Grey Is The New Black: The Unexpected New Trend In Hair Color
This summer was all about rainbow hair.
It seemed you couldn't scroll through your Instagram feed or browse the Internet without stumbling upon photos of girls with pastel-tinted locks or colorful rainbow braids.
But, as all trends do, the obsession with candy-colored hair seems to have faded — literally.
And in its place? Shades of grey (but not the kind governed over by Christian).
It's a surprising choice, given that aging is usually met with a constant battle to eliminate grey hairs: Dozens of hair dyes on the market are made specifically for covering up errant greys, and a 2013 survey by cosmetics company Nurture Replenish revealed that 57 percent of women fear going grey.
Part of this may be due in part to the supposed “stigma” that surrounds aging: In a 2012 study, 42 percent of women reported feeling the need to look youthful in order to be successful in their careers.
But perhaps the ageist agenda is dissolving. Loads of trendsetting celebs have been seen sporting silver strands, including Kylie Jenner and “Orange Is The New Black” actress Dascha Polanco, effectively branding the alternative hair color as cool.
Some champion grey hair as a fresh alternative to bold hues, while others simply appreciate that intentionally greyed hair is unexpected.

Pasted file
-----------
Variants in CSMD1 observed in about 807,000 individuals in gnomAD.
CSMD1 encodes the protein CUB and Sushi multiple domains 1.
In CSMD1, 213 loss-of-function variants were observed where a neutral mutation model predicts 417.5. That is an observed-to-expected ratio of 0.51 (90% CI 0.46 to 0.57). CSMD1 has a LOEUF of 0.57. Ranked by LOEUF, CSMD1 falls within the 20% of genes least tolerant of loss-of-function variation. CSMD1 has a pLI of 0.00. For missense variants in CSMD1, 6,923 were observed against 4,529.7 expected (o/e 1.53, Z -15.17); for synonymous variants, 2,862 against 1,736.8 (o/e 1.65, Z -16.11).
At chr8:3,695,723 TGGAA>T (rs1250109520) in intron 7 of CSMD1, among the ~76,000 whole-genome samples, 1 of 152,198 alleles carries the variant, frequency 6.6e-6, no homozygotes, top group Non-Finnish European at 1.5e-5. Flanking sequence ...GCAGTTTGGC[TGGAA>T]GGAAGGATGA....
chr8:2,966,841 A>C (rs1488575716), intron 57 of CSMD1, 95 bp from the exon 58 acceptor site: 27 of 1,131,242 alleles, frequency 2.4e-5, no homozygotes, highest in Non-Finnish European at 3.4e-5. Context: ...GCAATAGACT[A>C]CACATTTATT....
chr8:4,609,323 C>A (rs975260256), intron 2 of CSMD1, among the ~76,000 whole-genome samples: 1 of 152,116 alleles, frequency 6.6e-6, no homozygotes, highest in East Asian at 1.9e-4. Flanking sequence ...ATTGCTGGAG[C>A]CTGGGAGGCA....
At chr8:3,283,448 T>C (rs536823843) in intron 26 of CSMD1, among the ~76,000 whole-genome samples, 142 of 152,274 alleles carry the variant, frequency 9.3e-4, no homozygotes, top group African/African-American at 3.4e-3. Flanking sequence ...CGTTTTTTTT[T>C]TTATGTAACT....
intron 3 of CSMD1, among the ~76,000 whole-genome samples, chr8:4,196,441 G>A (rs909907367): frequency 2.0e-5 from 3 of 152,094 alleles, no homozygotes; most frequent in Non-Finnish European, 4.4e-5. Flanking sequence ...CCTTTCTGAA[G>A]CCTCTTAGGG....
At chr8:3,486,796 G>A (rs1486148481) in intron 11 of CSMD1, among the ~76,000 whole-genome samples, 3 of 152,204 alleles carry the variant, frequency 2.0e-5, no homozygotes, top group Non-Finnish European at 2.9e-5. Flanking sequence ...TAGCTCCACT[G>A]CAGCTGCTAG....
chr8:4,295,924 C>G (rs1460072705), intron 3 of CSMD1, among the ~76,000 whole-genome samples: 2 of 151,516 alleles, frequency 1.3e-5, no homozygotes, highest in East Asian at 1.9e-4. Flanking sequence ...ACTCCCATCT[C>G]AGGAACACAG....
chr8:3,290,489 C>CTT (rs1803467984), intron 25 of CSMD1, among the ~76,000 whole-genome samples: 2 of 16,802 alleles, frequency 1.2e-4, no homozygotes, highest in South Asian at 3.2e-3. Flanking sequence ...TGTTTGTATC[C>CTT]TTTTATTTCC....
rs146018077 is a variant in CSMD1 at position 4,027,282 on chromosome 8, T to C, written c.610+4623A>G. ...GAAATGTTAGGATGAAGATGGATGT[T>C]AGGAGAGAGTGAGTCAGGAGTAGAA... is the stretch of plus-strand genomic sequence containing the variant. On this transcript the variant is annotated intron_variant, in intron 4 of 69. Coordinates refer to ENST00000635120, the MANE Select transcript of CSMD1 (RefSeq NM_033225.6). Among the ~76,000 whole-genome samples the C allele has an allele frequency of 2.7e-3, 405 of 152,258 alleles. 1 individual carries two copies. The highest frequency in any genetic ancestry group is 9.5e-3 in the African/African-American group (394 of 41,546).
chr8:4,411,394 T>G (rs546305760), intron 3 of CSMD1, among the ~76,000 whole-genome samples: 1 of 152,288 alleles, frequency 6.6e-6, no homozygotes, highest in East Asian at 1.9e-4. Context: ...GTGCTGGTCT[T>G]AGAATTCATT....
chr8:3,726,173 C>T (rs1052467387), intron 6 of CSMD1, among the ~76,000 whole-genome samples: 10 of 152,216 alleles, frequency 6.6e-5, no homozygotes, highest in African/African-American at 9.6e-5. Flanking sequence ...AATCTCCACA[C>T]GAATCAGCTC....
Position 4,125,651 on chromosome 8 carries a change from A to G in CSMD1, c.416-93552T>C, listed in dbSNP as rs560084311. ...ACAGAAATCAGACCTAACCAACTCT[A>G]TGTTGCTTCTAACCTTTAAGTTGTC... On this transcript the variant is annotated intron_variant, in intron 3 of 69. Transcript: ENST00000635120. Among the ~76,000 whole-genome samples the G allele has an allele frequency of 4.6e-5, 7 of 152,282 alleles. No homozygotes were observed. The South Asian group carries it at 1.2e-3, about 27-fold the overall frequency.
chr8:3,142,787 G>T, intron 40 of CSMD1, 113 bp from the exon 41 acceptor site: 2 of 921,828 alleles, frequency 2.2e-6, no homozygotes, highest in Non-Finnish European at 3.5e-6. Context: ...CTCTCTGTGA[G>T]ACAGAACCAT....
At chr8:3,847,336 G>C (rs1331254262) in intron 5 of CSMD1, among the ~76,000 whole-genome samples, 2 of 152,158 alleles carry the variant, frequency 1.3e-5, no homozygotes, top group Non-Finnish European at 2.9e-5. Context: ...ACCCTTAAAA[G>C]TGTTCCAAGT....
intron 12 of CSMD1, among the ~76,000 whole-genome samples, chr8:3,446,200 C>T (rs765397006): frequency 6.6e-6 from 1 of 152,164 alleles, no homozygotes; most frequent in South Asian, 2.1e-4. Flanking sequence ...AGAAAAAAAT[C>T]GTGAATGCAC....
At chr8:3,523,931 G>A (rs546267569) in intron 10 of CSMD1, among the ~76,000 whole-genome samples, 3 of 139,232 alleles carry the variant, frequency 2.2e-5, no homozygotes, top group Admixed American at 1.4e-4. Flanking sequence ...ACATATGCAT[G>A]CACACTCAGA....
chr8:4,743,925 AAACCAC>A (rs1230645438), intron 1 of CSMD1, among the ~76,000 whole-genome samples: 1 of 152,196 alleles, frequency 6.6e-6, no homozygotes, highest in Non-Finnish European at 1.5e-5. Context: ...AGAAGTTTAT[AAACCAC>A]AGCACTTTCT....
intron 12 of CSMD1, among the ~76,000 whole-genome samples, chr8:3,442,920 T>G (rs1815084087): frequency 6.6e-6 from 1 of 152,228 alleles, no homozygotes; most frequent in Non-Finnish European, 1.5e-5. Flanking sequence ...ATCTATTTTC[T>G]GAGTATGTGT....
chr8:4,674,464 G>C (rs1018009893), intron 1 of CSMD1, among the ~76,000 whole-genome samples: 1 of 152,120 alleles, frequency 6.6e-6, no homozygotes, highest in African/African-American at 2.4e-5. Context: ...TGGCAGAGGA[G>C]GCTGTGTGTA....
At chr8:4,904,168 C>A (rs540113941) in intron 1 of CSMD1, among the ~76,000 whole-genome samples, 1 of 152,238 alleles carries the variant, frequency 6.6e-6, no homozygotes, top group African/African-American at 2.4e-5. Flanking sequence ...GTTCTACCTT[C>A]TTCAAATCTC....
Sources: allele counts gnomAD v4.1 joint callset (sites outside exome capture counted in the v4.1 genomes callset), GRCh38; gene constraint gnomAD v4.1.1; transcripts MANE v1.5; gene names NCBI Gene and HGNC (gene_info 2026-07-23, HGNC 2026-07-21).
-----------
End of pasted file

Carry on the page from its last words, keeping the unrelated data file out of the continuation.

As with most trends, it likely started on the runway: In Marc Jacobs' Fall '14 show, models walked down the runway sporting powdery nude locks, introducing, for the first time, anti-color as a fashion statement.
Slowly the rest of the world caught on to the genius that is “going grey.” And now, they're going fast.
Because now, grey hair isn't a symbol of aging, it's a symbol of high fashion.
The shade is no longer relegated to the old. Instead, young, fresh-faced beauties are hopping on the silver-streaked bandwagon, too.
But by breaking the symbolic relationship between aging and greying, we've accomplished something else: lessened the stigma of aging itself.
If grey hair is suddenly chic, discrimination against those who are naturally grey can't happen. It no longer makes sense.
Though the fashion industry lags behind most in terms of diversity, this is a step in the right direction, even if motivated by aesthetics rather than social change.
By going grey, celebs and models (inadvertently) communicate a positive message of acceptance.
And that is a trend worth following.
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